So it’s time for a fresh new look in your home, and you’ve chosen to use tiles to transform your kitchen, bathroom, hallway, living room, dining area, bedroom, conservatory or en suite. If you’re taking on the tiling job yourself, then before you get started, you need to make sure your surfaces are correctly prepared. Below are some questions regarding tile preparation. If they don’t answer your question, ask me directly on email@example.com
Q. I have a newly laid screed. How long will I need to leave it to dry before I can tile it?
A. As a general guideline for cement screeds, the drying time required will depend on the thickness it has been laid. 1mm per day for the first 75mm and 0.5mm per day up to 10mm. Screeds of a thickness greater than 100mm will take considerably longer.
Anhydrite screeds dry at a similar rate. However it is very important that the screed is tested for the correct relative humidity before tiling (0.5% RH).
Q. Can I tile over existing floor tiles?
A. You can fix tiles over existing tiling, but first you need to check that they are firmly bonded to the substrate, then clean and degrease the tiles. Make sure a flexible adhesive is used.
If the existing tiles are loose, they will need removing and any necessary preparation will need to be done prior to the new tiles being fixed.
Q. Can I tile over existing wall tiles?
A. It is possible but you will firstly need to make sure that the substrate under the existing tile is capable of holding the weight of two layers of tiles (please see below for further guidance). Secondly you would need to make sure the existing tiles are solid and that there is no danger of them coming loose. If the existing tiles are loose, they will need removing and any necessary preparation will need to be done prior to the new tiles being fixed.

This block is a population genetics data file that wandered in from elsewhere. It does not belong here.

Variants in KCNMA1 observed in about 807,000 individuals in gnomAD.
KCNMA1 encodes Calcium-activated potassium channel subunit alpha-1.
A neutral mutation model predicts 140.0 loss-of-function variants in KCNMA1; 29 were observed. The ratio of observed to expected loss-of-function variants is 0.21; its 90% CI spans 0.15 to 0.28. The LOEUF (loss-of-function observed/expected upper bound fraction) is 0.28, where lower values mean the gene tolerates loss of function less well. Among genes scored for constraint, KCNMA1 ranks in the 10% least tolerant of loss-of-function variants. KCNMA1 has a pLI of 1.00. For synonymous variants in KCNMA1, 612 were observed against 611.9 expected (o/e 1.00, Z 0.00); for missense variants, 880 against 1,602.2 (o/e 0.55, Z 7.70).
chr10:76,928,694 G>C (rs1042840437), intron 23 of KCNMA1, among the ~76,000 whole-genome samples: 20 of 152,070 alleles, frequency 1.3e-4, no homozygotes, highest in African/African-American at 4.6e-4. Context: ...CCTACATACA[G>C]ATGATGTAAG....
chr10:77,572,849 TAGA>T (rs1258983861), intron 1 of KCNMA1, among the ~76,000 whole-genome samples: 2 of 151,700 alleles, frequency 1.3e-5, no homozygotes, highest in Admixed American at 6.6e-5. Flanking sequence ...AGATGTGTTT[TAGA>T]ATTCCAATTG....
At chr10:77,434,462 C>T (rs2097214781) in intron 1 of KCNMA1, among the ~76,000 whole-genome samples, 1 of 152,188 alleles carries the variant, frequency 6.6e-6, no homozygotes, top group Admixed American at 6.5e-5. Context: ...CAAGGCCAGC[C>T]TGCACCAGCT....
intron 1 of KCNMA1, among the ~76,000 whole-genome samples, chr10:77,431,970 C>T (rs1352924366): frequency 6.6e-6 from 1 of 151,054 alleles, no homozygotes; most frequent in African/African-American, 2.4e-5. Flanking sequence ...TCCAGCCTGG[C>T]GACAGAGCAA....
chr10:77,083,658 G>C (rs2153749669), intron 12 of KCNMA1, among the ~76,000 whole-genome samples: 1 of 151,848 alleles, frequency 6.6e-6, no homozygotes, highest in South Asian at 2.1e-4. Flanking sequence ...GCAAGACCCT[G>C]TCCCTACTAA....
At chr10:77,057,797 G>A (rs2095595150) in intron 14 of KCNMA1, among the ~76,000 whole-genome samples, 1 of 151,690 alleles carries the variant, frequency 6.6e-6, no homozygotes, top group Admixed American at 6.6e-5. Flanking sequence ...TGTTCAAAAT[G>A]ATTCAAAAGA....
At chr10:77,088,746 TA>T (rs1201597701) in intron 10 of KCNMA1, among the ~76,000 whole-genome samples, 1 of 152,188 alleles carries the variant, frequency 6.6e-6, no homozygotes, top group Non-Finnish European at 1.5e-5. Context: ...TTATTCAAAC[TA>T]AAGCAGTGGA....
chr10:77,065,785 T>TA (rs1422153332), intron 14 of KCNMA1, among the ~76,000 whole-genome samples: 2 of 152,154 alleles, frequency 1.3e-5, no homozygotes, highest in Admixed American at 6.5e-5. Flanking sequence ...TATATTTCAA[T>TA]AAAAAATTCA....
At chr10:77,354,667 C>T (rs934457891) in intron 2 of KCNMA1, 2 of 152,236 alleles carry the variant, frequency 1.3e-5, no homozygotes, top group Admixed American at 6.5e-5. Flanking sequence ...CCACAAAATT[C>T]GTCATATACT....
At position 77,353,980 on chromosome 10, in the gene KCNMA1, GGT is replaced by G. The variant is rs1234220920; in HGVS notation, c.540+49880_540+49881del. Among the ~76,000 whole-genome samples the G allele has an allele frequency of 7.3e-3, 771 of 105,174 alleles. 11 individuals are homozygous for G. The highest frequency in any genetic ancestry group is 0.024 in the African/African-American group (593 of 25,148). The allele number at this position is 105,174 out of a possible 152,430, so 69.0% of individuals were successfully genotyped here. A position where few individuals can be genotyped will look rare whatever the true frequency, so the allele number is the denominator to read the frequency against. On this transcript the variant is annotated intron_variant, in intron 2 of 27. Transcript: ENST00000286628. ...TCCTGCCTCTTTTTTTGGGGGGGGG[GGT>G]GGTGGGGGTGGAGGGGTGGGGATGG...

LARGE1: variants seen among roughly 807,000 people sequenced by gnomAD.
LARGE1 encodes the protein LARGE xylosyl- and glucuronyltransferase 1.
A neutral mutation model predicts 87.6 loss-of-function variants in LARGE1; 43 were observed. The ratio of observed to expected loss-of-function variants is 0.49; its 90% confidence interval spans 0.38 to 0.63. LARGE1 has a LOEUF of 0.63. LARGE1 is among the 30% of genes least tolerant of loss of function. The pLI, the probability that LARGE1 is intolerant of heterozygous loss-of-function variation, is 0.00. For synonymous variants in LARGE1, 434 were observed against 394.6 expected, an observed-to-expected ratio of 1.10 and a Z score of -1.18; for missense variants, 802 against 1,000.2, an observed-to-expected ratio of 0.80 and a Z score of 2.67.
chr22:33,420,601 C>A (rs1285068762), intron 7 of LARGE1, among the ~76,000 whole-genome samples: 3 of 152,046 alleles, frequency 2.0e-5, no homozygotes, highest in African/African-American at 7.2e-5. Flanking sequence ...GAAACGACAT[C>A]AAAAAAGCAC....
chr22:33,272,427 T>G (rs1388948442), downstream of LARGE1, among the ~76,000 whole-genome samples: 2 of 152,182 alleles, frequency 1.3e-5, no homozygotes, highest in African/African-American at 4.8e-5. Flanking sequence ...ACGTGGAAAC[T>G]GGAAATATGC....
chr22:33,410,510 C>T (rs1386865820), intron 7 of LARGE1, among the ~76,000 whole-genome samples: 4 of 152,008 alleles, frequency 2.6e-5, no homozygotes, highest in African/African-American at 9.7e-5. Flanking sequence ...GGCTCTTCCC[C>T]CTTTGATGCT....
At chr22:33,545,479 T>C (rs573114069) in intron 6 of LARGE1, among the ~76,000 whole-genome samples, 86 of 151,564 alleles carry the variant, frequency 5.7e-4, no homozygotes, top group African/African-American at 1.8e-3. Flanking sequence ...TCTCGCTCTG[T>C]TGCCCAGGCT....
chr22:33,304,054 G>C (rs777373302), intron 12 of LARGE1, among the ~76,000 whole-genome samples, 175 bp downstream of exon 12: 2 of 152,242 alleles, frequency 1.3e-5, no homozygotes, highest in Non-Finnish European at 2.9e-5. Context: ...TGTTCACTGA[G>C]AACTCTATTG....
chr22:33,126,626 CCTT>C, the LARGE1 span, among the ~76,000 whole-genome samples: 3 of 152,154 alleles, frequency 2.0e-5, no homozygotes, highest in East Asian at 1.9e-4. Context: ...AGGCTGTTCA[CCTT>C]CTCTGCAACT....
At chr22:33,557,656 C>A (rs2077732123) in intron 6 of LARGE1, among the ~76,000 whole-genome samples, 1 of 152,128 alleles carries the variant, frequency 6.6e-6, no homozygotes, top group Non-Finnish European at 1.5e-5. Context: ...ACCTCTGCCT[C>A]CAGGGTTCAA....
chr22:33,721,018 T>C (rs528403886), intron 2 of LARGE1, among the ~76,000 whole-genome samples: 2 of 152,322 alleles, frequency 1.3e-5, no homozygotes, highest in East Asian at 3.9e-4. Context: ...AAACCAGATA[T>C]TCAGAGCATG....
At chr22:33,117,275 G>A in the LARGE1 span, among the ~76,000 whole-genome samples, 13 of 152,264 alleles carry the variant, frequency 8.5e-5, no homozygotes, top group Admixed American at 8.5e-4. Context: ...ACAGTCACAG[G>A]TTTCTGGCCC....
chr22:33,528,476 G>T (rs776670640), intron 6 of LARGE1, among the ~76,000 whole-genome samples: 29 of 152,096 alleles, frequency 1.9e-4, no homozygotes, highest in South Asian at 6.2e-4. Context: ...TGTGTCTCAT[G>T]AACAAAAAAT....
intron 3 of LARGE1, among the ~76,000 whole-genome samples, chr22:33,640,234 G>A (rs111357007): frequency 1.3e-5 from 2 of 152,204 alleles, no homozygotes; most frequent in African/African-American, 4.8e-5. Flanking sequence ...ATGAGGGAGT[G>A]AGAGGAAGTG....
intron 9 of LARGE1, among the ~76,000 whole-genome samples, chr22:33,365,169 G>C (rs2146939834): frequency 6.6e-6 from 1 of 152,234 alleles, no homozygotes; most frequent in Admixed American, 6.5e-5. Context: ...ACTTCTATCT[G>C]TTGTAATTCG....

Q. Is there a weight limit when tiling a wall?
A. Yes there is. Here is a general guide to some of the most common substrates and the maximum recommended weights for tiling:
Q. What preparation is required for newly plastered walls?
A. All new plaster must be allowed to dry for up to 3wks (dependant of thickness. This time is reduced for skims). If you are using a ceramic tile less than 300x300mm in an internal dry area, ready mixed adhesive will be fine. If the tile is larger than 300×300, porcelain or natural stone, you must prime the surface with an Acrylic Primer (such as BAL APD) and use a cement based adhesive. For wet areas such as a shower, above a bath or a wet room, the walls must be tanked first. But remember, the weight of the tile and adhesive combined, must weigh no more than 20Kg/m2. Please contact out Technical Helpline for further information.
Q. What is an “Expansion Joint”, and do I need one?
A. An Expansion Joint (also known as movement joint) is a trim, mainly used in floor tiling. They are designed to absorb heat induced expansion, absorb vibration and allow movement due to ground settlement. They are required for any area over 40m2, where the perimeter joints are more than 10m apart. They must also be used where two different substrates meet, and are also recommended in doorways that have tiling either side.
Q. What is a Decoupling membrane, and do I need one?